If you think your organization is immune from cyber attack, you probably still believe the moon is made from cheese and Mars is full of little green men! The only organization that is immune from cyber attack is an organization that has no online presence and uses no computing devices more sophisticated than a desk top calculator in their entire operation. However, immune and vulnerable are two entirely different things. You will be attacked. Someday, somehow, by someone, you will be the target of a cyber attack. But the effectiveness of that attack will be determined by your vulnerability level. Think of your body as an analogy. Every day, you are attacked by various germs and bacteria, each capable of inducing illness. When you are healthy and your natural defenses are active, those germs are just neutralized and discarded without so much as a cough. But when your immune system is weakened, you are more vulnerable to succumbing to illness.
How “healthy” is your Information Security? Here are several practices that are entirely too common in the marketplace that all make you more vulnerable to being impacted by a cyber attack. Consider your corporate policy on these points and if you have these weaknesses, start taking action to inoculate your organization against these risks.
Ask yourself, or even better ask your CIO – does your organization:
- Give IT System Administrators full Domain Administrator privilege or access to the Domain Administrator accounts without a specific need. This is a sure way to open the flood gates if an administrator’s individual user ID is compromised. Such high-power access should be restricted for use only as-needed, and only for specific tasks, ideally managed under Change Control for audit and approval purposes.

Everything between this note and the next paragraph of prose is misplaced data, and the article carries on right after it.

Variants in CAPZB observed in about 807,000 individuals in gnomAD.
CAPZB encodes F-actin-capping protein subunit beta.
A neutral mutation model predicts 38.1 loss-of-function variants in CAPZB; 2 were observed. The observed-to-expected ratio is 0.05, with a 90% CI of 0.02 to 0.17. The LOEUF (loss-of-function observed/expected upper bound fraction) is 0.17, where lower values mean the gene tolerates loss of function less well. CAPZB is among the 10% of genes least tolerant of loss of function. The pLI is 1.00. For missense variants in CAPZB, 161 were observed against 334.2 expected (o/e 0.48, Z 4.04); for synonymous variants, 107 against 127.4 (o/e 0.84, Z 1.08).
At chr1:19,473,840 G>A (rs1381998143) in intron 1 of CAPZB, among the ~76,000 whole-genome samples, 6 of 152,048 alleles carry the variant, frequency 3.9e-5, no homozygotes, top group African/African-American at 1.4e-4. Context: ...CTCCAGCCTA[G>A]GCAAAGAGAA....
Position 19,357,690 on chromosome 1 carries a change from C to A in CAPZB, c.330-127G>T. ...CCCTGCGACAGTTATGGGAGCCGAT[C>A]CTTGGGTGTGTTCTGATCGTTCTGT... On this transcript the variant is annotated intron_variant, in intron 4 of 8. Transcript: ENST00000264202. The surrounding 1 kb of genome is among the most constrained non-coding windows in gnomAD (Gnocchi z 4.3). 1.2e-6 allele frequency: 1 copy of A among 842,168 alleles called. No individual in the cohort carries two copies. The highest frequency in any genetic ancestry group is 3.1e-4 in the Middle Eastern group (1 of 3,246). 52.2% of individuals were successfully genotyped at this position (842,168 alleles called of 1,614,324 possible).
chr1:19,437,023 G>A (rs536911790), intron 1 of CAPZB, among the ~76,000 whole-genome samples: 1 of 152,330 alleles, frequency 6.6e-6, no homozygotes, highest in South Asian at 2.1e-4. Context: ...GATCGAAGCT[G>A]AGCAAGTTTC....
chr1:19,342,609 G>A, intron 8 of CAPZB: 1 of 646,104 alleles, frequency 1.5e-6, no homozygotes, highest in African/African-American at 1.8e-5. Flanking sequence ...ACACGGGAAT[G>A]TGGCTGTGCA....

- Force Administrator password changes every one or two months (30 to 60 days). While there may be discussion on what number is the “best practice”, and various regulatory agencies may have different opinions, it is universally agreed that passwords need to be changed with regularity. The higher the authority level the greater the risk, which should result in the shorter duration between changes.
- Deploy new workstations with cloned images, including the same cloned user ID and password for local Administrator and possibly other software products. If this is your practice, every new workstation is vulnerable until and unless the assigned user is savvy enough to change all the default passwords. (Hint: few users will even think about it, fewer will take any action!)
- Use a common Administrator password for all workstations. Even if you utilize an AD Group Policy to rotate the password frequently, if it is the same for every workstation, a single compromised computer becomes an open door to every system in the same group!
- Permit Domain Administrator privileges on accounts utilized by applications. If the application is breached, you would want to contain the problem to that application, not enable attackers to use it as a gateway to other systems and potentially gain direct access to the Operating System.
- Provide Local Administrator privileges for certain user groups such as remote staff or software developers. While this may ease support, it opens the door for deliberate, accidental or unauthorized installation of software, including malware.
Information Security is not easy and often times takes some discipline for end users. That is just a byproduct of trying to complicate things for hackers. You will face cyber attacks, but you do not have to leave yourself vulnerable so those attacks can be successful. Consider these topics as triggers for more dialog which can spur actions to help keep your data and systems secure!